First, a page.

Don’t Compromise Security When Backing Up Data

Brien Posey

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Whether an organization is backing up data locally, or working with an external provider, security must be an integral part of the backup process. Most organizations go to great lengths to protect their data. Creating a backup process that is potentially insecure could completely undermine such an organization’s security efforts.

There are countless steps that an organization could take to improve the security around backing up data, but most fall into three best practices.

The first of these best practices is to control access to backup resources. A good backup solution should support Role Based Access Control (RBAC). An RBAC mechanism allows administrators to grant backup operators the ability to perform specific tasks, without giving them full access to the entire backup system. A backup application’s access control mechanism should also perform audit logging of all backup and recovery related activities.

A second best practice for backing up data should be to encrypt at all stages of the process. This is often referred to as protecting data at rest and in flight.

Protecting data at rest means encrypting the backup media. This can refer to storage level encryption of a backup storage array, or to the encryption of backup tapes. In any case, encryption should be enabled regardless of the backup media type that is being used.

Encryption in flight means encrypting data as it flows across the network on its way to being backed up. The in-flight encryption requirements will vary depending on the backup architecture that is being used. In many organizations, data flows from the protected resource (the server that is being backed up) to a backup server, and then from a backup server to a backup target (the backup storage media). The data should be encrypted in each stage of its journey.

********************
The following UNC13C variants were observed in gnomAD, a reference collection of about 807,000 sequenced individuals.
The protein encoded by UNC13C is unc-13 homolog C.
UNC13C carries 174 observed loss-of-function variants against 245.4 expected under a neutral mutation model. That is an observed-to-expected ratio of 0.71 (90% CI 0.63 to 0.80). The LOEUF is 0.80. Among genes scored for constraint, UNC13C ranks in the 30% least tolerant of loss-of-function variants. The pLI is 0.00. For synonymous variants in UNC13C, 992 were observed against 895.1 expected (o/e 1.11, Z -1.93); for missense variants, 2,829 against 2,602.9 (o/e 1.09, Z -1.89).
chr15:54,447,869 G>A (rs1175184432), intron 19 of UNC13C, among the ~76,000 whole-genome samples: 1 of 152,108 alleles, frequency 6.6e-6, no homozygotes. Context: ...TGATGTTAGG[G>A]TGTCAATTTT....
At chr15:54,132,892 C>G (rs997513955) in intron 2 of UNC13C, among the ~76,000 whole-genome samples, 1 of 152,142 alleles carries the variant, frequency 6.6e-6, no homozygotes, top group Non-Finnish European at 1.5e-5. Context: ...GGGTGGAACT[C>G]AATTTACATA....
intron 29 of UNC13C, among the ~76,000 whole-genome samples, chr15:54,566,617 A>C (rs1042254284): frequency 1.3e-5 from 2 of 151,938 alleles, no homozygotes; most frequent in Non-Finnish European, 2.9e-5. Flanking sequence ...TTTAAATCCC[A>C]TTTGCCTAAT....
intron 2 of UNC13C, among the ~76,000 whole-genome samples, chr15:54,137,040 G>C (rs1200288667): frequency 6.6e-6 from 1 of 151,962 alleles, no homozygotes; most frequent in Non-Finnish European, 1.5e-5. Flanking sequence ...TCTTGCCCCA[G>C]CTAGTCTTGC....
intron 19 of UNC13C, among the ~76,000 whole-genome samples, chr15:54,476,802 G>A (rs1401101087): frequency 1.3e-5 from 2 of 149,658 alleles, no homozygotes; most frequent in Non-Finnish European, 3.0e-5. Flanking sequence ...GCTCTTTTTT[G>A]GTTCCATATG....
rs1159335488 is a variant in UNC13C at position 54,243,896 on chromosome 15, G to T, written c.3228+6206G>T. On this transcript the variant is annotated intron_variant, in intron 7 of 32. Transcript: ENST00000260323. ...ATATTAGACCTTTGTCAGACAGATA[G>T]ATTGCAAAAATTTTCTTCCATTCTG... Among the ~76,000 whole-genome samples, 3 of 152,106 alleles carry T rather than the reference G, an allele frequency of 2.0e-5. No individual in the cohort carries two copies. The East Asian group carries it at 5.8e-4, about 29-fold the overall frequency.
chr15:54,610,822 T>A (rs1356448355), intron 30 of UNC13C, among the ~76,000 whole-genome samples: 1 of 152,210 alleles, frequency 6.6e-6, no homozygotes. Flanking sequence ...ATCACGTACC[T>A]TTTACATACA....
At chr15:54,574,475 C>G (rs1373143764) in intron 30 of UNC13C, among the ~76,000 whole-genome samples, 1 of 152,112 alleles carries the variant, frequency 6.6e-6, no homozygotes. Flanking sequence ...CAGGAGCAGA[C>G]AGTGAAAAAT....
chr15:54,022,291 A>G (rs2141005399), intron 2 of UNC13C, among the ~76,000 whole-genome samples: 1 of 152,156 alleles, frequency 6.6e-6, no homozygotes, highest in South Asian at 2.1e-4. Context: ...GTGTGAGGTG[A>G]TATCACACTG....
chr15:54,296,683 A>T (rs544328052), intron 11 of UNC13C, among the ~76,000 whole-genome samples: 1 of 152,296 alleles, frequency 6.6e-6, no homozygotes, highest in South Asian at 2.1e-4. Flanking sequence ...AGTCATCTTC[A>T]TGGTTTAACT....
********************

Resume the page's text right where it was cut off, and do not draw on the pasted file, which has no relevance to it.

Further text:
Although backing up data in flight is often a function of the backup software, agentless backup applications may lack a native network encryption mechanism. In these situations, the IT staff may need to enable an external form of encryption such as IPSec. Some organizations take security a step further by routing backup data across a dedicated network segment or a dedicated VLAN in an effort to isolate the data from other network traffic.

A third best practice for backup security is to establish a chain of custody for your data. The logistics behind a chain of custody will vary widely depending on how an organization structures its backup processes. In any case, the chain of custody establishes documented accountability for anyone handling backup data. If an organization uses a courier service to ship backup tapes offsite for example, then a chain of custody could be used to track the whereabouts of backup tapes at a given moment.

Ultimately, there is no magic formula to establishing a secure backup process. Backup security means adhering to industry best practices while implementing processes that mandate accountability for anyone with access to the backups.

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